limit

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English[edit]

Pronunciation[edit]

Etymology 1[edit]

From Middle English, from Old French, from Latin limes (a cross-path or balk between fields, hence a boundary, boundary line or wall, any path or road, border, limit).

Noun[edit]

Commutative diagram of the universal property of cone L as the limit of F.

limit (plural limits)

  1. A restriction; a bound beyond which one may not go.
    There are several existing limits to executive power.
    Two drinks is my limit tonight.
    • 1839, Charles Dickens, Nicholas Nickleby, chapter 21:
      It is the conductor which communicates to the inhabitants of regions beyond its limit, []
    • 1922, James Joyce, Ulysses, episode 17:
      Ever he would wander, selfcompelled, to the extreme limit of his cometary orbit, beyond the fixed stars and variable suns and telescopic planets, astronomical waifs and strays, to the extreme boundary of space, []
    • 2012 March 6, Dan McCrum, Nicole Bullock and Guy Chazan, Financial Times, “Utility buyout loses power in shale gas revolution”:
      At the time, there seemed to be no limit to the size of ever-larger private equity deals, with banks falling over each other to arrange financing on generous terms and to invest money from their own private equity arms.
  2. (mathematics) A value to which a sequence converges. Equivalently, the common value of the upper limit and the lower limit of a sequence: if the upper and lower limits are different, then the sequence has no limit (i.e., does not converge).
    The sequence of reciprocals has zero as its limit.
  3. (mathematics) Any of several abstractions of this concept of limit.
    Category theory defines a very general concept of limit.
  4. (category theory) Given diagram F : JC, a cone (L, φ) from L ∈ Ob(C) to F is the limit of F if it has the universal property that for any other cone (N, ψ) from N ∈ Ob(C) to F there is a unique morphism u : NL such that for all X ∈ Ob(J),  \phi_X \circ u = \psi_X .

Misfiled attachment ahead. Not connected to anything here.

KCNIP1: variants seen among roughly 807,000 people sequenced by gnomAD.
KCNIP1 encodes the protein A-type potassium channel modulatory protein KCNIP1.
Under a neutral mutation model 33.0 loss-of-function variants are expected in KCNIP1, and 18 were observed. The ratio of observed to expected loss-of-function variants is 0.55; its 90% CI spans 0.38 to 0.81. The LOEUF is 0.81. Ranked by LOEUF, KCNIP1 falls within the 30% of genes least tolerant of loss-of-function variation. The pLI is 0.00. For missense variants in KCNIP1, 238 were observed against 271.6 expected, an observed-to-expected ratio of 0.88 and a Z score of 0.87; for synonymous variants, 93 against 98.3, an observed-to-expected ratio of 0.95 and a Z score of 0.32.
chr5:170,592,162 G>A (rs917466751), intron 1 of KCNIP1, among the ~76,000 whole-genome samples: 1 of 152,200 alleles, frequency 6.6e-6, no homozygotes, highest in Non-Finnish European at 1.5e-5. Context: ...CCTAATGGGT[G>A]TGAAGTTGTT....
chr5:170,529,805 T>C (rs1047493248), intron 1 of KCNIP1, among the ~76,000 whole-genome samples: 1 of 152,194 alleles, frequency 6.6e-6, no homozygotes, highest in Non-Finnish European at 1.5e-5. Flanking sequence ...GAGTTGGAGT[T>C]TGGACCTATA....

5. (poker) Short for fixed limit.
  6. The final, utmost, or furthest point; the border or edge.
    the limit of a walk, of a town, or of a country
    • Alexander Pope
      As eager of the chase, the maid / Beyond the forest's verdant limits strayed.
  7. (obsolete) The space or thing defined by limits.
    • Shakespeare
      The archdeacon hath divided it / Into three limits very equally.
  8. (obsolete) That which terminates a period of time; hence, the period itself; the full time or extent.
    • Shakespeare
      the dateless limit of thy dear exile
    • Shakespeare
      The limit of your lives is out.
  9. (obsolete) A restriction; a check or curb; a hindrance.
    • Shakespeare
      I prithee, give no limits to my tongue.
  10. (logic, metaphysics) A determining feature; a distinguishing characteristic.
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Adjective[edit]

limit (not comparable)

  1. (poker) Being a fixed limit game.

Etymology 2[edit]

From Middle English limiten, from Old French limiter, from Latin limitare (to bound, limit, fix, determine), from limes; see noun.

Verb[edit]

limit (third-person singular simple present limits, present participle limiting, simple past and past participle limited)

  1. (transitive) To restrict; not to allow to go beyond a certain bound.
    We need to limit the power of the executive.
    I'm limiting myself to two drinks tonight.
    • 2013 August 10, “Can China clean up fast enough?”, The Economist, volume 408, number 8848: 
      [The Chinese government] has jailed environmental activists and is planning to limit the power of judicial oversight by handing a state-approved body a monopoly over bringing environmental lawsuits.
  2. (mathematics, intransitive) To have a limit in a particular set.
    The sequence limits on the point a.
  3. (obsolete) To beg, or to exercise functions, within a certain limited region.
    a limiting friar
Synonyms[edit]
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Czech[edit]

Pronunciation[edit]

Noun[edit]

limit m

  1. limit

Related terms[edit]


Serbo-Croatian[edit]

Etymology[edit]

From German Limit.

Noun[edit]

lìmit m (Cyrillic spelling лѝмит)

  1. boundary
  2. boundary that cannot be surpassed

Declension[edit]